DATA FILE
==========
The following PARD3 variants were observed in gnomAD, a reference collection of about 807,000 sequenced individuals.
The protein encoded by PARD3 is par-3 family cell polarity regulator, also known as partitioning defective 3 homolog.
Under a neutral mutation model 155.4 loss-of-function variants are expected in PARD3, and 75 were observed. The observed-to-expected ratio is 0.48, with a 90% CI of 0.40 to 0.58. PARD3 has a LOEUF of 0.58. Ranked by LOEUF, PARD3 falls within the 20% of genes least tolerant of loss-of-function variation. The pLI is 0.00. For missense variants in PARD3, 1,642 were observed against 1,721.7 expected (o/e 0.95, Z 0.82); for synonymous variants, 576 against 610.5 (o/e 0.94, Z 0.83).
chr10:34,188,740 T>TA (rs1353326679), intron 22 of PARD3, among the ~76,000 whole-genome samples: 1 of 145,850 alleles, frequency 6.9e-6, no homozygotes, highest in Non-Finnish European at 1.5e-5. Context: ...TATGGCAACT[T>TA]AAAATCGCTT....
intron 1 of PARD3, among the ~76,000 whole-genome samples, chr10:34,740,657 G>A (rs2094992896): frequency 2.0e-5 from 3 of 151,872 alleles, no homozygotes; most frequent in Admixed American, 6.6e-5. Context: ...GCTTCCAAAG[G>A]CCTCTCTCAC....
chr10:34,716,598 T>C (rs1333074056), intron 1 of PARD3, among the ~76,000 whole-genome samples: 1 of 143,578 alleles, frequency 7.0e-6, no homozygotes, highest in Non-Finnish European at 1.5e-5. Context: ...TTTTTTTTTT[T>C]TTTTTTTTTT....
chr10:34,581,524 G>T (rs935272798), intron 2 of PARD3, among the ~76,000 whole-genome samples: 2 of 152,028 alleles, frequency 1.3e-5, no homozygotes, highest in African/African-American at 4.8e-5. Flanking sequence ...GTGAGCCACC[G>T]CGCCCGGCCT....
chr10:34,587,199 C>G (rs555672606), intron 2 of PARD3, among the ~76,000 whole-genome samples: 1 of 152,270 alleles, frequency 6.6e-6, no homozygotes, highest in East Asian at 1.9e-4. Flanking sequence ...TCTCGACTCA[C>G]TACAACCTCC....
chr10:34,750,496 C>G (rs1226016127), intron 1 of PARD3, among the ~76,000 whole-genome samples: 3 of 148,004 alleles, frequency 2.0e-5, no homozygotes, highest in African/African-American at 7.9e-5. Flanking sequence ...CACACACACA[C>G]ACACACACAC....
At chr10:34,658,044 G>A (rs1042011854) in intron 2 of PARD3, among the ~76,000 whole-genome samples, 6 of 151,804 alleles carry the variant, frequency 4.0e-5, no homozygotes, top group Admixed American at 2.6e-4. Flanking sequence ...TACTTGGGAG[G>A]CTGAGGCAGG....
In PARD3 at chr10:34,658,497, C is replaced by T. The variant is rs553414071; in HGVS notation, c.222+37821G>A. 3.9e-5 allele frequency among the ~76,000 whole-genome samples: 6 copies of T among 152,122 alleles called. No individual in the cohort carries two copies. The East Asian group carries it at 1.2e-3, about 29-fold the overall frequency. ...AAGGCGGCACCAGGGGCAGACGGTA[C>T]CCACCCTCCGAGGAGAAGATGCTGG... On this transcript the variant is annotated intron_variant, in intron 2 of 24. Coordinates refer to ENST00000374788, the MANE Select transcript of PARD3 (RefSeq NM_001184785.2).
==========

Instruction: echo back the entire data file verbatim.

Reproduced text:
The following PARD3 variants were observed in gnomAD, a reference collection of about 807,000 sequenced individuals.
The protein encoded by PARD3 is par-3 family cell polarity regulator, also known as partitioning defective 3 homolog.
Under a neutral mutation model 155.4 loss-of-function variants are expected in PARD3, and 75 were observed. The observed-to-expected ratio is 0.48, with a 90% CI of 0.40 to 0.58. PARD3 has a LOEUF of 0.58. Ranked by LOEUF, PARD3 falls within the 20% of genes least tolerant of loss-of-function variation. The pLI is 0.00. For missense variants in PARD3, 1,642 were observed against 1,721.7 expected (o/e 0.95, Z 0.82); for synonymous variants, 576 against 610.5 (o/e 0.94, Z 0.83).
chr10:34,188,740 T>TA (rs1353326679), intron 22 of PARD3, among the ~76,000 whole-genome samples: 1 of 145,850 alleles, frequency 6.9e-6, no homozygotes, highest in Non-Finnish European at 1.5e-5. Context: ...TATGGCAACT[T>TA]AAAATCGCTT....
intron 1 of PARD3, among the ~76,000 whole-genome samples, chr10:34,740,657 G>A (rs2094992896): frequency 2.0e-5 from 3 of 151,872 alleles, no homozygotes; most frequent in Admixed American, 6.6e-5. Context: ...GCTTCCAAAG[G>A]CCTCTCTCAC....
chr10:34,716,598 T>C (rs1333074056), intron 1 of PARD3, among the ~76,000 whole-genome samples: 1 of 143,578 alleles, frequency 7.0e-6, no homozygotes, highest in Non-Finnish European at 1.5e-5. Context: ...TTTTTTTTTT[T>C]TTTTTTTTTT....
chr10:34,581,524 G>T (rs935272798), intron 2 of PARD3, among the ~76,000 whole-genome samples: 2 of 152,028 alleles, frequency 1.3e-5, no homozygotes, highest in African/African-American at 4.8e-5. Flanking sequence ...GTGAGCCACC[G>T]CGCCCGGCCT....
chr10:34,587,199 C>G (rs555672606), intron 2 of PARD3, among the ~76,000 whole-genome samples: 1 of 152,270 alleles, frequency 6.6e-6, no homozygotes, highest in East Asian at 1.9e-4. Flanking sequence ...TCTCGACTCA[C>G]TACAACCTCC....
chr10:34,750,496 C>G (rs1226016127), intron 1 of PARD3, among the ~76,000 whole-genome samples: 3 of 148,004 alleles, frequency 2.0e-5, no homozygotes, highest in African/African-American at 7.9e-5. Flanking sequence ...CACACACACA[C>G]ACACACACAC....
At chr10:34,658,044 G>A (rs1042011854) in intron 2 of PARD3, among the ~76,000 whole-genome samples, 6 of 151,804 alleles carry the variant, frequency 4.0e-5, no homozygotes, top group Admixed American at 2.6e-4. Flanking sequence ...TACTTGGGAG[G>A]CTGAGGCAGG....
In PARD3 at chr10:34,658,497, C is replaced by T. The variant is rs553414071; in HGVS notation, c.222+37821G>A. 3.9e-5 allele frequency among the ~76,000 whole-genome samples: 6 copies of T among 152,122 alleles called. No individual in the cohort carries two copies. The East Asian group carries it at 1.2e-3, about 29-fold the overall frequency. ...AAGGCGGCACCAGGGGCAGACGGTA[C>T]CCACCCTCCGAGGAGAAGATGCTGG... On this transcript the variant is annotated intron_variant, in intron 2 of 24. Coordinates refer to ENST00000374788, the MANE Select transcript of PARD3 (RefSeq NM_001184785.2).